Although our survey clearly indicates that cancer centers around the country are making the necessary investments to be able to deliver precision oncology, the success of these programs in terms of the impact on patients is obfuscated by the lack of systems for tracking outcomes or standard metrics for measuring them. In our survey, 30 percent, or six institutions, indicated they had no system in place for tracking patient outcomes after receiving molecularly informed treatment.
Although 70 percent of responding institutions do have a system in place for tracking outcomes, they cited a variety of methods for doing so. Several respondents reported that patient outcomes are tracked within individual clinical trials, but there is no institution-wide outcomes-tracking system for those receiving precision treatments outside of these studies. Others said outcomes are collected via clinical follow up and chart review, through EMR data mining, and one respondent indicated working with health technology firm Flatiron Health.
When we asked respondents to describe the metrics by which their precision oncology programs measured success, the most common answer was the number of patients molecularly matched to clinical trials. This aligns with the fact that clinical trials are a major feature of precision oncology programs at the institutions represented in our survey. All institutions represented in the survey are conducting precision oncology clinical trials (those involving biomarkers or that feature basket or umbrella designs), while 85 percent of respondents stated that their cancer centers could also enroll patients in external studies investigating precision oncology approaches.
However, if clinical trial enrollment is the main measure of success for these programs, then the survey shows there's a lot of room for improvement, since almost half reported that less than 10 percent of patients are matched to studies based on molecular markers, and a quarter of respondents reported a match rate of between 10 percent and 20 percent.
Precision oncology proponents have pointed out that the match rate is low because patients are generally offered the chance to enroll in these studies only as a last option, when they are nearing the end of their battle with cancer. Many patients succumb to their disease before molecular test results come back, or while the logistics of trial enrollment and drug access issues are being addressed. Experts in the field believe that patients may have a much better chance of not only matching to precision oncology trials but benefitting from molecularly guided treatments if they are tested and treated in earlier stages of disease.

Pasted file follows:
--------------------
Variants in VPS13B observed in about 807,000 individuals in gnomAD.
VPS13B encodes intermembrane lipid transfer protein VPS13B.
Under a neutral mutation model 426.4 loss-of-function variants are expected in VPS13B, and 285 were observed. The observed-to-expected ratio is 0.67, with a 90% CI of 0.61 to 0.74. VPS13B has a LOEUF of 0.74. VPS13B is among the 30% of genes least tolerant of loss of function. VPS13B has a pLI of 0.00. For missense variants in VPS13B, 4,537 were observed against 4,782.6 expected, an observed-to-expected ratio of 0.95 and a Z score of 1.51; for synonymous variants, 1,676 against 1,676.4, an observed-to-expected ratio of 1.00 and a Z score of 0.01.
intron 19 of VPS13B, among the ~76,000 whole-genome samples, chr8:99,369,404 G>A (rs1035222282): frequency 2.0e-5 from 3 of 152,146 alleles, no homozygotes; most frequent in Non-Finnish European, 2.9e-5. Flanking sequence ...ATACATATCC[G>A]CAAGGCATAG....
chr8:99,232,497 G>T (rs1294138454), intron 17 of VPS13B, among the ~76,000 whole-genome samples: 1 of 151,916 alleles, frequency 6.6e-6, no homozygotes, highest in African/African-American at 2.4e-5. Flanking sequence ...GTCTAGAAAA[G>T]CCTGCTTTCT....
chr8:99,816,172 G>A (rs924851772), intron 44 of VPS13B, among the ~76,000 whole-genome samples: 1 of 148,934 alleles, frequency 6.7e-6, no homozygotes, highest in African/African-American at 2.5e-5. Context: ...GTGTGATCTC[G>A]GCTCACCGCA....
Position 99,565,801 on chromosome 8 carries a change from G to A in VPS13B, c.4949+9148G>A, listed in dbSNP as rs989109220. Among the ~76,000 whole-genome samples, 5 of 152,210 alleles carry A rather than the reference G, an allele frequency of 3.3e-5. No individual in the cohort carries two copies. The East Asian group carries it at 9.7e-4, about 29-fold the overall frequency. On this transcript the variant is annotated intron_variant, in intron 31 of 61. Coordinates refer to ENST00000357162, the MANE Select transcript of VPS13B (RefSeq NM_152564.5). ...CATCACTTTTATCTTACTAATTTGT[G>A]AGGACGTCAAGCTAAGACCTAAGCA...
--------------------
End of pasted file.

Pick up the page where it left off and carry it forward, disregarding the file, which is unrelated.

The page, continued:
According to our survey, this is starting to happen. Nearly half of the respondents indicated that they offer molecular testing to inform precision treatments only to cancer patients who have Stage III, IV, or advanced disease. However, eight institutions, or 42 percent, indicated they offered testing to Stage I patients, and 11 percent said they begin offering testing to patients at Stage II.
After clinical trial enrollment, the second most cited success metrics were testing volumes and publication rates, while cost effectiveness and patient outcomes (i.e. response, progression-free survival, overall survival) tied for third most mentioned. Two respondents said that success metrics at their institutions were "to be decided" and "in development." Only one mentioned the number of US Food and Drug Administration-approved drugs based on trials initiated at the institution as a measure of precision oncology success.
As to the challenges institutions face in being able to deliver precision oncology, half mentioned reimbursement or funding, one-fifth noted physician education or adoption as a hindrance, 15 percent indicated clinical trial access, and the same proportion mentioned IT or data challenges.
Our findings are in line with results that other surveys of this type have reported. In 2015, Kurzrock et al. published a survey of 24 National Comprehensive Cancer Network member institutions and eight affiliate sites, and reported that all the respondents' institutions were using molecular profiling to inform patient care. Respondents to this survey also cited reimbursement and access to drugs on and off clinical trials as a major barriers to integrating molecular testing into patient care.
Another survey of more than 1,200 oncologists by Freedman et al. published in 2017 indicated that NGS uptake was on the rise, with 75 percent reporting they used results from such tests to guide patient care. This survey showed there was greater use of NGS testing among oncologists who had access to a molecular tumor board and for patients with advanced refractory disease, which corroborates our findings.
At the American Society of Clinical Oncology's annual meeting this year, Schilsky et al. reported on a survey of more than 100 physicians at sites participating in the Targeted Agent and Profiling Utilization Registry (TAPUR) basket trial, which is exploring off-label uses of already approved drugs in patients with specific tumor markers. Like our survey, this one showed that while most doctors ordered genomic testing in patients with advanced disease, around a third indicated their willingness to order testing for those with earlier stage cancers.
The Precision Oncology News survey aimed to assess current practices among organizations that are currently implementing these approaches — many of which are well-funded research centers that have helped to pioneer the field — so it likely does not fully capture the challenges of implementing precision oncology at more under-resourced, community, or rural cancer centers. Nevertheless, we believe the results provide a fair snapshot of what precision oncology looks like in practice today and could serve as an initial benchmark for healthcare systems looking to implement their own precision oncology programs.
We'd like your feedback! Precision Oncology News hopes to conduct this survey annually. Please contact Turna Ray if you'd be interested in participating in next year's survey or if you have ideas for additional questions.